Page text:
Allegheny Twp. officials say climbing lane on Route 356 is much-needed
By Jodi Weigand
Motorists will not benefit from a truck climbing lane on the Route 356 hill just off the Freeport Bridge for years to come.
The project isn’t included in the final version of the Southwestern Pennsylvania Commission’s 2013-16 Transportation Improvement Program (TIP), approved Monday.
The Southwestern Pennsylvania Commission, is the regional planning agency serving the Pittsburgh 10-county area, including Allegheny, Armstrong, Beaver, Butler, Fayette, Greene, Indiana, Lawrence, Washington and Westmoreland counties.
Development of a four-year TIP is a federal requirement. It is updated every two years and lists transportation projects that intend to use federal funds as well as regionally significant, state-funded projects. A project’s inclusion is a critical step in getting funding.
"I think it’s disappointing," said Allegheny Township Manager Gregory Primm. "It doesn’t appear as though community input seems to matter much. We thought we did everything we needed to get it on (the list)."
Allegheny Township officials submitted testimony last week calling attention to what they believe is a needed improvement to Route 356 heading toward Leechburg. They also included letters of support from state leaders and the Westmoreland Economic Development Initiative for Growth (WEDIG), of which the township is a member, along with Lower Burrell, Upper Burrell, Arnold and New Kensington.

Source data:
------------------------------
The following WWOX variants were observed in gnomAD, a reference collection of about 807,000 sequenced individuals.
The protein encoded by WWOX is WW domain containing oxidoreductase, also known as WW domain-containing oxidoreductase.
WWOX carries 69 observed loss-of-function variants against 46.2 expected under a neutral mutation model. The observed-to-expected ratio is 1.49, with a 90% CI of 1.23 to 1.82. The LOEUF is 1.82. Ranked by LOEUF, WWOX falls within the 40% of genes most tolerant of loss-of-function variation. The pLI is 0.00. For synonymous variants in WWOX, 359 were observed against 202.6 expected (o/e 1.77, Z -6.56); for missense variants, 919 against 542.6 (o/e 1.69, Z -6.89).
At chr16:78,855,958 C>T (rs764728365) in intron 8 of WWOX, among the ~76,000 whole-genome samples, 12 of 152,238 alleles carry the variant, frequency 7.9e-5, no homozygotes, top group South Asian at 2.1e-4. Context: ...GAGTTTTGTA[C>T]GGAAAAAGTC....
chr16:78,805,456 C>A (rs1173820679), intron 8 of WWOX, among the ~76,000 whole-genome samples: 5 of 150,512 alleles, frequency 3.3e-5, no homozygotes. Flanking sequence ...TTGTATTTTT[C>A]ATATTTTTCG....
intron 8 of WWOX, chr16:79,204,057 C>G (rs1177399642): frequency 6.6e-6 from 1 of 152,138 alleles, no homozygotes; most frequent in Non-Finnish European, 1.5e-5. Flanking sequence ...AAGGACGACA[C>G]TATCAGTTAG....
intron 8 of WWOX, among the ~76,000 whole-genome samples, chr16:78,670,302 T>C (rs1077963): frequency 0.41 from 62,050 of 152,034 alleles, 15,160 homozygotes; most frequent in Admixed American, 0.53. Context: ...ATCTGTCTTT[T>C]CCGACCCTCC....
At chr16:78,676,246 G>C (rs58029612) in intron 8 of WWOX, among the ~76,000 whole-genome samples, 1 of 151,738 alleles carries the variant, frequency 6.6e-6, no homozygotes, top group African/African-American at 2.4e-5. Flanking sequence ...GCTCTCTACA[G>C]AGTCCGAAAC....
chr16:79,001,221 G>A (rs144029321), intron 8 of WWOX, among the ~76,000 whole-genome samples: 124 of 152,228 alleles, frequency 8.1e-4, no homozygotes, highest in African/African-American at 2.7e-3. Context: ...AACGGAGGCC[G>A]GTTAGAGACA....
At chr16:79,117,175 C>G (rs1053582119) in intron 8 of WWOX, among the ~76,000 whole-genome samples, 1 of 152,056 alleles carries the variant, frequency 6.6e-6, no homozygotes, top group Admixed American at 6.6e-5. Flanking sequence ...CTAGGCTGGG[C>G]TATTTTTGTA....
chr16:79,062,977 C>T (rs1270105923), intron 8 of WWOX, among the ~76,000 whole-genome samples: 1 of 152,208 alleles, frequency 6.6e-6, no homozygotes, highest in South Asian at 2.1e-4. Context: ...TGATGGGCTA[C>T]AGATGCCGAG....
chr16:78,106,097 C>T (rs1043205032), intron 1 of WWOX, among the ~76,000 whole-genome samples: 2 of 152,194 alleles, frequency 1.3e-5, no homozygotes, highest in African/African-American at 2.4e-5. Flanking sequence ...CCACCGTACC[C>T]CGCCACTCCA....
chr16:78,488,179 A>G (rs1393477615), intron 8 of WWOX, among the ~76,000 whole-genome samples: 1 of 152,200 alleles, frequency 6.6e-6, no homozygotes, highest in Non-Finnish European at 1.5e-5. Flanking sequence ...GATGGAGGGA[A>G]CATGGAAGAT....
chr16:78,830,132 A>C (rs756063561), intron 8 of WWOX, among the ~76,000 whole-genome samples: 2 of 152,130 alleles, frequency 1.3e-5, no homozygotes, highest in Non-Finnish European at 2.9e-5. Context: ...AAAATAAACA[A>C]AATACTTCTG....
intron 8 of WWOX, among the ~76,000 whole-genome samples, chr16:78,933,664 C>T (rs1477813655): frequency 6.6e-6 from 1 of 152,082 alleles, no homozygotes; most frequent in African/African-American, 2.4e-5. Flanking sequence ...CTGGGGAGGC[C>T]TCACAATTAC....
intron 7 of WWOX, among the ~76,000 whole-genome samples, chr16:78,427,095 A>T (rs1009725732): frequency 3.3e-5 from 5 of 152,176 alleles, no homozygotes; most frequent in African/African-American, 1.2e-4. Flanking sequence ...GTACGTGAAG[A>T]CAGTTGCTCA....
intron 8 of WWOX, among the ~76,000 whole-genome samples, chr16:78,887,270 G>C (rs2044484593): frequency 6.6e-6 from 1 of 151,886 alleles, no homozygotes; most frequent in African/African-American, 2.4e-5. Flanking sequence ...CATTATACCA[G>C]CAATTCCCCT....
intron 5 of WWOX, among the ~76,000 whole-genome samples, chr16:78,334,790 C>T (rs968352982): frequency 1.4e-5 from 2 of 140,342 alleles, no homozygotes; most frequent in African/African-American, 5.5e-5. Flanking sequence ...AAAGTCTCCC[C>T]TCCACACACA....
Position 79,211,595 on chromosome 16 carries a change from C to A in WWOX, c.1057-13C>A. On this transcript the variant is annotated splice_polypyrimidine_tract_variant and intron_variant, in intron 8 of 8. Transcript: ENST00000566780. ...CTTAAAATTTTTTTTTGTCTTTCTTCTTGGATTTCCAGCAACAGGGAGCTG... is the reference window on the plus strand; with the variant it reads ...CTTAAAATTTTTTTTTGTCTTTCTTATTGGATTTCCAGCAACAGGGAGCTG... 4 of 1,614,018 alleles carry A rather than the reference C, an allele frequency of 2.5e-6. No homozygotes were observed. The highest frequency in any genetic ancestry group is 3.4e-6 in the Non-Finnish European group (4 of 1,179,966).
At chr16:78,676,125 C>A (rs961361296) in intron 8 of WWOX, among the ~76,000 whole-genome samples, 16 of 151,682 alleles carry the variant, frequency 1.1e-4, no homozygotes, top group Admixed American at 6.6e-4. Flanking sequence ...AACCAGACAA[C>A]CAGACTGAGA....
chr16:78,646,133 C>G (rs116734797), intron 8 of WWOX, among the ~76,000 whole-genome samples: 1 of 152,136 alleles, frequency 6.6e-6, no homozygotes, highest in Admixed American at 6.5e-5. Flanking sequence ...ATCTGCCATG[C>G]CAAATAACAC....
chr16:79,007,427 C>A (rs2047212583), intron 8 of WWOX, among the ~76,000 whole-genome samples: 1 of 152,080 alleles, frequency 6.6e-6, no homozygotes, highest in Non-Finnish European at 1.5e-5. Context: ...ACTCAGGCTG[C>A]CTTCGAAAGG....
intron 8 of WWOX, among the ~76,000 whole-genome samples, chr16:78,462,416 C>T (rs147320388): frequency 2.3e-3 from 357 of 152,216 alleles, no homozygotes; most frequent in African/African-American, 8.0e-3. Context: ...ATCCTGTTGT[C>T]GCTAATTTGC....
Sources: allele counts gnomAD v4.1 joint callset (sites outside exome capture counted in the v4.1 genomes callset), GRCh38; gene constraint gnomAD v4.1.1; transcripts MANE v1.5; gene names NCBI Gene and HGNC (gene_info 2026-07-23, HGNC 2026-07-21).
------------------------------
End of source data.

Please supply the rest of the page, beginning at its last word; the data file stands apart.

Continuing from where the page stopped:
The project would add a truck climbing lane to improve traffic flow up the steep hill from the River Forest Golf Club entrance just off the Freeport Bridge. The section has long been a headache as it narrows from two lanes to one just before the steep, lengthy hill begins.
"With heavier vehicles coming across the bridge, many people speed across the bridge to get in front of them," Primm said. "A climbing lane gives them time to get around the trucks as they are crawling up the hill."
Commission spokeswoman Shannon O’Connell said there is no money for the project.
No new projects were added to the 2013-16 TIP, she said.
"There’s so little money to go around that it’s a struggle to do everything that needs to be done," O’Connell said. "Almost everything we get goes into maintenance and preservation of what’s already there."
Nearly $400,000 was included in the 2009-12 TIP to conduct a study of building the climbing lane.
It’s unclear whether that study was ever done, according to a PennDOT District 12 spokeswoman.